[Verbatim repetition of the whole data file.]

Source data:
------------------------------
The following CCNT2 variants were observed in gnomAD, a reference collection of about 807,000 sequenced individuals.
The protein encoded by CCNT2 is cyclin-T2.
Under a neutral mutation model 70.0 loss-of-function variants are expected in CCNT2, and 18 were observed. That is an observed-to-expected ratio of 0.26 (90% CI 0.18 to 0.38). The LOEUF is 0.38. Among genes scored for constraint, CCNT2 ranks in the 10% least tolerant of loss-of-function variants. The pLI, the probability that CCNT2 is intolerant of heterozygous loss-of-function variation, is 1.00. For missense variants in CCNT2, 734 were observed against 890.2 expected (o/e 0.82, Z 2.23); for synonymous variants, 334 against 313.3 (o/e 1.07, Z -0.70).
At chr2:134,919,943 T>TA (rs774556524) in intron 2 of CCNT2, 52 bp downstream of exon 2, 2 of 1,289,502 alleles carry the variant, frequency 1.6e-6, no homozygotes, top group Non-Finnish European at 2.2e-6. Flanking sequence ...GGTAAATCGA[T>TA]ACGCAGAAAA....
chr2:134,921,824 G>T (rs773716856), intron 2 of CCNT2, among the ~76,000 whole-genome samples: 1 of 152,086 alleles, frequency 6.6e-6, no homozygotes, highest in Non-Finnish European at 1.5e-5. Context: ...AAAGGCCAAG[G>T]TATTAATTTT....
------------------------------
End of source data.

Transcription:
The following CCNT2 variants were observed in gnomAD, a reference collection of about 807,000 sequenced individuals.
The protein encoded by CCNT2 is cyclin-T2.
Under a neutral mutation model 70.0 loss-of-function variants are expected in CCNT2, and 18 were observed. That is an observed-to-expected ratio of 0.26 (90% CI 0.18 to 0.38). The LOEUF is 0.38. Among genes scored for constraint, CCNT2 ranks in the 10% least tolerant of loss-of-function variants. The pLI, the probability that CCNT2 is intolerant of heterozygous loss-of-function variation, is 1.00. For missense variants in CCNT2, 734 were observed against 890.2 expected (o/e 0.82, Z 2.23); for synonymous variants, 334 against 313.3 (o/e 1.07, Z -0.70).
At chr2:134,919,943 T>TA (rs774556524) in intron 2 of CCNT2, 52 bp downstream of exon 2, 2 of 1,289,502 alleles carry the variant, frequency 1.6e-6, no homozygotes, top group Non-Finnish European at 2.2e-6. Flanking sequence ...GGTAAATCGA[T>TA]ACGCAGAAAA....
chr2:134,921,824 G>T (rs773716856), intron 2 of CCNT2, among the ~76,000 whole-genome samples: 1 of 152,086 alleles, frequency 6.6e-6, no homozygotes, highest in Non-Finnish European at 1.5e-5. Context: ...AAAGGCCAAG[G>T]TATTAATTTT....